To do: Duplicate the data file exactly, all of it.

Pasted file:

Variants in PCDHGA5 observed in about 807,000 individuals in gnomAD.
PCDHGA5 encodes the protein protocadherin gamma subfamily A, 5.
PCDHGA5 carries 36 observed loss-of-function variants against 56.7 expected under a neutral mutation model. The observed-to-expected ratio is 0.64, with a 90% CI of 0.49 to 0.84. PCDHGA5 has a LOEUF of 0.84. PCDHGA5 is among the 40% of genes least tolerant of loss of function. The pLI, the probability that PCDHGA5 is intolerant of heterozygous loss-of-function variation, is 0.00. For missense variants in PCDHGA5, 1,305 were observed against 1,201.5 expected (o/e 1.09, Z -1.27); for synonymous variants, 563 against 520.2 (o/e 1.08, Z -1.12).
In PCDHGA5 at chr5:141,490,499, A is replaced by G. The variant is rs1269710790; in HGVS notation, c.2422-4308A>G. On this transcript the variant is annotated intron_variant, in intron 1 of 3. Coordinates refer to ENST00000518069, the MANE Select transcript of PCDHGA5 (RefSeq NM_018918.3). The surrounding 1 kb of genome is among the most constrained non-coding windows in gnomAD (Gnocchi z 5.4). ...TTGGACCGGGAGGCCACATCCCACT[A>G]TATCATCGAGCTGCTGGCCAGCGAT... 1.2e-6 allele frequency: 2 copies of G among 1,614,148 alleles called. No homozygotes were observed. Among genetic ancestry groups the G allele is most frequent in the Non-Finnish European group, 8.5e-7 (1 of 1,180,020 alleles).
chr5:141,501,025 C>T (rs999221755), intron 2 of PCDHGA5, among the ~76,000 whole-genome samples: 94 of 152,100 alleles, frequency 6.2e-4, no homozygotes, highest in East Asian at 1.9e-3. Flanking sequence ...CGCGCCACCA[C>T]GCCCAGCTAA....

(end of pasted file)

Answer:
Variants in PCDHGA5 observed in about 807,000 individuals in gnomAD.
PCDHGA5 encodes the protein protocadherin gamma subfamily A, 5.
PCDHGA5 carries 36 observed loss-of-function variants against 56.7 expected under a neutral mutation model. The observed-to-expected ratio is 0.64, with a 90% CI of 0.49 to 0.84. PCDHGA5 has a LOEUF of 0.84. PCDHGA5 is among the 40% of genes least tolerant of loss of function. The pLI, the probability that PCDHGA5 is intolerant of heterozygous loss-of-function variation, is 0.00. For missense variants in PCDHGA5, 1,305 were observed against 1,201.5 expected (o/e 1.09, Z -1.27); for synonymous variants, 563 against 520.2 (o/e 1.08, Z -1.12).
In PCDHGA5 at chr5:141,490,499, A is replaced by G. The variant is rs1269710790; in HGVS notation, c.2422-4308A>G. On this transcript the variant is annotated intron_variant, in intron 1 of 3. Coordinates refer to ENST00000518069, the MANE Select transcript of PCDHGA5 (RefSeq NM_018918.3). The surrounding 1 kb of genome is among the most constrained non-coding windows in gnomAD (Gnocchi z 5.4). ...TTGGACCGGGAGGCCACATCCCACT[A>G]TATCATCGAGCTGCTGGCCAGCGAT... 1.2e-6 allele frequency: 2 copies of G among 1,614,148 alleles called. No homozygotes were observed. Among genetic ancestry groups the G allele is most frequent in the Non-Finnish European group, 8.5e-7 (1 of 1,180,020 alleles).
chr5:141,501,025 C>T (rs999221755), intron 2 of PCDHGA5, among the ~76,000 whole-genome samples: 94 of 152,100 alleles, frequency 6.2e-4, no homozygotes, highest in East Asian at 1.9e-3. Flanking sequence ...CGCGCCACCA[C>T]GCCCAGCTAA....